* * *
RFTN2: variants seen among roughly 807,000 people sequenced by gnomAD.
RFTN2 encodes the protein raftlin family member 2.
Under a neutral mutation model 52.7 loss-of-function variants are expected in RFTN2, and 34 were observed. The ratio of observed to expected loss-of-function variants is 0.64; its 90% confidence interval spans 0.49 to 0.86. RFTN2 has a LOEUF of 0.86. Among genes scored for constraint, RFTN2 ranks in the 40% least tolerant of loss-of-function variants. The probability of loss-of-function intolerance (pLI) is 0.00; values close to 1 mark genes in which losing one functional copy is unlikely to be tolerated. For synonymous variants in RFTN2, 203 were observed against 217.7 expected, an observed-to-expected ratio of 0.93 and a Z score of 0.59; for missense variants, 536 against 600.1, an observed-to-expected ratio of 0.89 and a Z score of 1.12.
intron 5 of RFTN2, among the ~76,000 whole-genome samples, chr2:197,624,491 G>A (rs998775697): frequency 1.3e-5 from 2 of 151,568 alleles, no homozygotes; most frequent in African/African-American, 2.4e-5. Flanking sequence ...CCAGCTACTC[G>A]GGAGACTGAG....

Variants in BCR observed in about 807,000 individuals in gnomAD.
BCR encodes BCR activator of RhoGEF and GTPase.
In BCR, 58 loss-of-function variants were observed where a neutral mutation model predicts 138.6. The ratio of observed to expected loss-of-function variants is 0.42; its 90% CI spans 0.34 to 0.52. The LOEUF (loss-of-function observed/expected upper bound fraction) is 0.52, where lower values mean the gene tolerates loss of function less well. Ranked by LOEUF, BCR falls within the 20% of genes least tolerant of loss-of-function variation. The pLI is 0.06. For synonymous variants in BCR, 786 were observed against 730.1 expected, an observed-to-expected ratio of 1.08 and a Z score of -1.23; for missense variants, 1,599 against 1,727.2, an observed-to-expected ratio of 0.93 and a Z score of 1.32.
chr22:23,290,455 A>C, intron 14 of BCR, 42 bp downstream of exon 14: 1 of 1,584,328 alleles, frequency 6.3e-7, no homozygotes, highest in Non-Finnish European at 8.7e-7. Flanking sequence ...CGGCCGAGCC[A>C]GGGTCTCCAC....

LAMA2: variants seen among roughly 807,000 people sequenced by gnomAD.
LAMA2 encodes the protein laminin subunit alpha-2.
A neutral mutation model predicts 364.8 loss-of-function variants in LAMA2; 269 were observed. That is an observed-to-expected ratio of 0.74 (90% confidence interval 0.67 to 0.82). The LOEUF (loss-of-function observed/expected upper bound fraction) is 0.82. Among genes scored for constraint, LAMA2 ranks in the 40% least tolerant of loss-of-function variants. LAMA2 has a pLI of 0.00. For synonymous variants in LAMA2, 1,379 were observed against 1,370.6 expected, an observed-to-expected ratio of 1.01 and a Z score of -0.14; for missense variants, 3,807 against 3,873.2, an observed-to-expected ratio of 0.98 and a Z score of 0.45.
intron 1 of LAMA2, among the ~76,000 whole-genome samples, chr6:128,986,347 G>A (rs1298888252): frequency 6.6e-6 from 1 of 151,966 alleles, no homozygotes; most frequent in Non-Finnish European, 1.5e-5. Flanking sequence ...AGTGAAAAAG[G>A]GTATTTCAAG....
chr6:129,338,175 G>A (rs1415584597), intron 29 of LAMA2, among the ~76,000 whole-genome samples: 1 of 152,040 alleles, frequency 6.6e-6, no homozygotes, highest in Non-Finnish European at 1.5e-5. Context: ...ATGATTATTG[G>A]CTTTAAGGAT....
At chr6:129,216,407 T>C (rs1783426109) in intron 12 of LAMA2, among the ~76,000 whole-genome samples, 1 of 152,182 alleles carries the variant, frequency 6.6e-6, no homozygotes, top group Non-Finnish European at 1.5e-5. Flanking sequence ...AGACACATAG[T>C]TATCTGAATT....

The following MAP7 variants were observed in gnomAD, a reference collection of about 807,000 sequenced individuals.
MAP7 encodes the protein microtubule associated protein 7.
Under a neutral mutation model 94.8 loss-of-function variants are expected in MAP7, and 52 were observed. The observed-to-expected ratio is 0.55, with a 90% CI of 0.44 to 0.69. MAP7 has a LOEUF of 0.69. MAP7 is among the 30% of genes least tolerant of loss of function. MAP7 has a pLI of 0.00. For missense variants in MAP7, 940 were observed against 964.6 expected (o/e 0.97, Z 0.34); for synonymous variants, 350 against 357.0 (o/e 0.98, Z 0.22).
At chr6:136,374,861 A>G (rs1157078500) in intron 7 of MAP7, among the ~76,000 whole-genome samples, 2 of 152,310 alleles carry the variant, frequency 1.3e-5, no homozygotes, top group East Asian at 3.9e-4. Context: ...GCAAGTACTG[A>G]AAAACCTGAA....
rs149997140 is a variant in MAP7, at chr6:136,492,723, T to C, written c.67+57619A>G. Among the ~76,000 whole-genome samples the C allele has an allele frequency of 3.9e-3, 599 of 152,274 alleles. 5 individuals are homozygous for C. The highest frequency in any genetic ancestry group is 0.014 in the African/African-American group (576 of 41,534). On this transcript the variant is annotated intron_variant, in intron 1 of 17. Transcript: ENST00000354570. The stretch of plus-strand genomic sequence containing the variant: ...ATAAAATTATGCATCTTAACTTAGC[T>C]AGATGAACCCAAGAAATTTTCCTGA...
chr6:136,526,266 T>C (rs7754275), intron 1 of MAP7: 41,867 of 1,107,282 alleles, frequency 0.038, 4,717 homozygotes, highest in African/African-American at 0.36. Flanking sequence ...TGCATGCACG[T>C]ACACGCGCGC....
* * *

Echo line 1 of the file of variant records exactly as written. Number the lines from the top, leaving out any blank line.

RFTN2: variants seen among roughly 807,000 people sequenced by gnomAD.